Key points to remember
- State and local health departments are reducing contact tracing on COVID-19 cases, a practice that was important early in the pandemic.
- During the first and worst surges of the pandemic, public health services were strained by the need to trace contacts of infected people. Departments had to scramble for staff and funding.
- Although contact tracing is still carried out on a limited basis, the need is now less due to higher vaccination and recall rates as well as the availability of home testing.
State and local health departments have begun to scale back contact tracing efforts, which have been a key part of trying to control COVID-19 transmission throughout the pandemic.
Contact tracing is a valuable tool that helps public health officials study and control infectious diseases, but experts say the need for the practice for COVID has begun to wane.
Since January, several public health organizations have issued statements in favor of no longer tracing all COVID cases.
For example, a statement from the National Association of County and City Health Officials (NACCHO) reads:
“Although universal case investigation and contact tracing was implemented in the spring of 2020 to slow the transmission of COVID-19, a lot has changed over the past year, which has necessitated a revised public health approach.”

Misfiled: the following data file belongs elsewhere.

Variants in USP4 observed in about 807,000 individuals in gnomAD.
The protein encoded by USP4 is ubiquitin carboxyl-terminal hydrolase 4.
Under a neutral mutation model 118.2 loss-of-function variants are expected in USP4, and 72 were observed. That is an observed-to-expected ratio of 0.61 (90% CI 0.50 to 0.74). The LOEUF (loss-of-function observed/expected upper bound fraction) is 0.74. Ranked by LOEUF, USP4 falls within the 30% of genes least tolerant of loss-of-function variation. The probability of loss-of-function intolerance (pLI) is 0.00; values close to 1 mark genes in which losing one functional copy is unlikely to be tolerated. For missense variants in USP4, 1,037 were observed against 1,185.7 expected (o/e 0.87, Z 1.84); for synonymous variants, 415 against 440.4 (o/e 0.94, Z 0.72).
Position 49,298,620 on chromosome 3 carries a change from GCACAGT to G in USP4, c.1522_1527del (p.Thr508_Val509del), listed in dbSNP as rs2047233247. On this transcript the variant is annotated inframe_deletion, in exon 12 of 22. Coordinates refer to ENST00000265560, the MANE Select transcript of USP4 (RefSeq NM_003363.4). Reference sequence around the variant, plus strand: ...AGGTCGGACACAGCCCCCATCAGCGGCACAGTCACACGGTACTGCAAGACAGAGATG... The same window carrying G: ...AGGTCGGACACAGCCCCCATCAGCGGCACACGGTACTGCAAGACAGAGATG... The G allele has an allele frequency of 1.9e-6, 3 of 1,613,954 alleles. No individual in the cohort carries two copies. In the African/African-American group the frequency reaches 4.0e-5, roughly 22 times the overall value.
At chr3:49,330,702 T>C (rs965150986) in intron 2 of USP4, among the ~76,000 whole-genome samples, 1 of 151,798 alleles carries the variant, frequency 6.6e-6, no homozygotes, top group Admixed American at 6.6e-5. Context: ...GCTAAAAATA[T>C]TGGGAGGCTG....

Here’s what experts say reducing contact tracing efforts for COVID is the right move.
How contact tracing works
Contact tracing has been a tool that public health departments have used since the turn of the 20th century to help prevent the spread of infectious diseases.
The aim of the practice is to break the chain of transmission of the disease by finding each person with whom an infected person has been in contact.
The process begins when a person is identified as being infected with a disease. Depending on how long they were able to spread the disease (infectious period), the person is asked where they have been and with whom they have been in contact.
Contacts of an infected person can then be alerted by health service workers that they have been exposed to the disease.
In the past, smallpox, syphilis and HIV/AIDS have been tracked through contact tracing. Then came COVID-19.
Not a sign of surrender
Georges C. Benjamin, MD, executive director of the American Public Health Association, told Verywell that given the scale and rapid spread of the first wave of the pandemic, contact tracing has put a strain on the public health services.